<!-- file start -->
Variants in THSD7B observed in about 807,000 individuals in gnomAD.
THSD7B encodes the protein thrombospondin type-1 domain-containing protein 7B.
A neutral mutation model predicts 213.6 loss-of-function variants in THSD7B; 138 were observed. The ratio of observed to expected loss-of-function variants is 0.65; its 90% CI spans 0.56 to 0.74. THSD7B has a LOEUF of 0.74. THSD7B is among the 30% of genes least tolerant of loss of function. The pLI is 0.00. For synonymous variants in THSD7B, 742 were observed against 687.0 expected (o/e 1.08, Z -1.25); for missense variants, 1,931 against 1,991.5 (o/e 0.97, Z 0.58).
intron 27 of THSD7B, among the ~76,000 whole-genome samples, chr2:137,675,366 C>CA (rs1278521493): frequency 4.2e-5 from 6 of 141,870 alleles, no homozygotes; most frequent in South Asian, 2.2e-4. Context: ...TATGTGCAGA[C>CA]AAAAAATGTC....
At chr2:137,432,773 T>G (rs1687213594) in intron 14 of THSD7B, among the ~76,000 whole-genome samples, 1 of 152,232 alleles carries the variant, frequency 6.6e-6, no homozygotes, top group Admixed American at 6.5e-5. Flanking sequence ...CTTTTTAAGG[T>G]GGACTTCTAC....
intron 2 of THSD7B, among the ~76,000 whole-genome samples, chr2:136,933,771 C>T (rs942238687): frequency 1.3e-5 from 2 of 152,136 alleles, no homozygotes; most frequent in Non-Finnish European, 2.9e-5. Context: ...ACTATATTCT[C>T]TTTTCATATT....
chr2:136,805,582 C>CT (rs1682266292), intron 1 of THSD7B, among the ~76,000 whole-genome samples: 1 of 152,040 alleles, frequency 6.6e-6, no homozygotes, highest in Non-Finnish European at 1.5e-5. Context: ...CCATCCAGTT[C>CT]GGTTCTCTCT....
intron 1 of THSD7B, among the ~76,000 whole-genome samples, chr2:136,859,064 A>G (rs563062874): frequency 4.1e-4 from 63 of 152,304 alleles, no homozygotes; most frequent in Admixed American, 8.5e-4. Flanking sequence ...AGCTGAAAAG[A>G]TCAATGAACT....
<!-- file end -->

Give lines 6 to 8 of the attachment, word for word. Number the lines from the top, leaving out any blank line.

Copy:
intron 2 of THSD7B, among the ~76,000 whole-genome samples, chr2:136,933,771 C>T (rs942238687): frequency 1.3e-5 from 2 of 152,136 alleles, no homozygotes; most frequent in Non-Finnish European, 2.9e-5. Context: ...ACTATATTCT[C>T]TTTTCATATT....
chr2:136,805,582 C>CT (rs1682266292), intron 1 of THSD7B, among the ~76,000 whole-genome samples: 1 of 152,040 alleles, frequency 6.6e-6, no homozygotes, highest in Non-Finnish European at 1.5e-5. Context: ...CCATCCAGTT[C>CT]GGTTCTCTCT....
intron 1 of THSD7B, among the ~76,000 whole-genome samples, chr2:136,859,064 A>G (rs563062874): frequency 4.1e-4 from 63 of 152,304 alleles, no homozygotes; most frequent in Admixed American, 8.5e-4. Flanking sequence ...AGCTGAAAAG[A>G]TCAATGAACT....